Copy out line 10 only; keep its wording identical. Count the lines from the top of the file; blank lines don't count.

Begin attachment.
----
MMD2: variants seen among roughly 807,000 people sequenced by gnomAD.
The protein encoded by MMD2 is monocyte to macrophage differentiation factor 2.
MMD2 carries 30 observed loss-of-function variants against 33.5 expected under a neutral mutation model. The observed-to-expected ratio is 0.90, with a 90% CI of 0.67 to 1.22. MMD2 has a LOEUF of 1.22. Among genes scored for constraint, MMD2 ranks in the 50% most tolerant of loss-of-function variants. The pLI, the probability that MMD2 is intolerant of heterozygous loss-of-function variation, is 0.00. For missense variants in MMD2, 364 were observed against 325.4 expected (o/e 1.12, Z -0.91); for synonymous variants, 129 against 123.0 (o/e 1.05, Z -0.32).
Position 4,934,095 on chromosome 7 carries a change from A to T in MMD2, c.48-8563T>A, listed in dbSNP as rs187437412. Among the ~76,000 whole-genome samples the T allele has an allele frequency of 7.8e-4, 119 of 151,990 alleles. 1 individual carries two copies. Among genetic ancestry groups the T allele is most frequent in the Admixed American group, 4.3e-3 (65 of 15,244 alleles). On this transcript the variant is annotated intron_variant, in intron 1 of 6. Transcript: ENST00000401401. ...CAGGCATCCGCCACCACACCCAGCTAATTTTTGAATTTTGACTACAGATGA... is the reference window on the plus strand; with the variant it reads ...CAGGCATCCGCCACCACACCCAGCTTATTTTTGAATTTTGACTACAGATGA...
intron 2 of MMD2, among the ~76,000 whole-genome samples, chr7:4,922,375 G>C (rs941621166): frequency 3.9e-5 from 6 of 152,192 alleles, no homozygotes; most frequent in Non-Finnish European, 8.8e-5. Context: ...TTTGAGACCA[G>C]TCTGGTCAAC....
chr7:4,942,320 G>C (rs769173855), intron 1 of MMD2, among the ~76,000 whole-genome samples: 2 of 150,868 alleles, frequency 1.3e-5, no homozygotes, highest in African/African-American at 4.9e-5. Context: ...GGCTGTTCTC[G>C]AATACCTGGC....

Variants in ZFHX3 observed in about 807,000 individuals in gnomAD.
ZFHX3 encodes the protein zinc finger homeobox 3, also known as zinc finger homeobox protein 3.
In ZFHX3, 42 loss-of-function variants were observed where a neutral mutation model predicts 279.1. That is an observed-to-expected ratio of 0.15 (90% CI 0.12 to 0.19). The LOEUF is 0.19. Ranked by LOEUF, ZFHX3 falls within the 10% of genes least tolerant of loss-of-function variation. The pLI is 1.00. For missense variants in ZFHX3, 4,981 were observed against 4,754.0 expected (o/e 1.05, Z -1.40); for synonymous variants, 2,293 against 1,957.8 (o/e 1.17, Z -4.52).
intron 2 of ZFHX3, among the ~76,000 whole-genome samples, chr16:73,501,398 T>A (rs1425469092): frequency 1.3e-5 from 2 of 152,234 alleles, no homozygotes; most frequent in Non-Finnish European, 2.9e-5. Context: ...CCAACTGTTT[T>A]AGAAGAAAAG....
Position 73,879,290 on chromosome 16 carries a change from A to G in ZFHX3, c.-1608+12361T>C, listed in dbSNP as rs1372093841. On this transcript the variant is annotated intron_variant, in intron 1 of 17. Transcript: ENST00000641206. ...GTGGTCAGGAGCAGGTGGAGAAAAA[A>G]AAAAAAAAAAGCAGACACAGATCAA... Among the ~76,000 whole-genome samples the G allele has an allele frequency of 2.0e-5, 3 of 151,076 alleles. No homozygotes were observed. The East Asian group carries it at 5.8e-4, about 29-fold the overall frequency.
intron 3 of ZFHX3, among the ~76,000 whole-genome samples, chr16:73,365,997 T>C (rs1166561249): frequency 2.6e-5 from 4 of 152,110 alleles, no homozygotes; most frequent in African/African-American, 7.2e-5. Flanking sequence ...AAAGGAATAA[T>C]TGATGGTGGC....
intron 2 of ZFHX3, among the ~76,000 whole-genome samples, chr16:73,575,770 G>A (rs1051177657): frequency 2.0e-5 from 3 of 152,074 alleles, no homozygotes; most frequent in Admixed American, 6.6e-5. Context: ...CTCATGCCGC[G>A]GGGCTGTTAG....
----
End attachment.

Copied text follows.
intron 2 of ZFHX3, among the ~76,000 whole-genome samples, chr16:73,501,398 T>A (rs1425469092): frequency 1.3e-5 from 2 of 152,234 alleles, no homozygotes; most frequent in Non-Finnish European, 2.9e-5. Context: ...CCAACTGTTT[T>A]AGAAGAAAAG....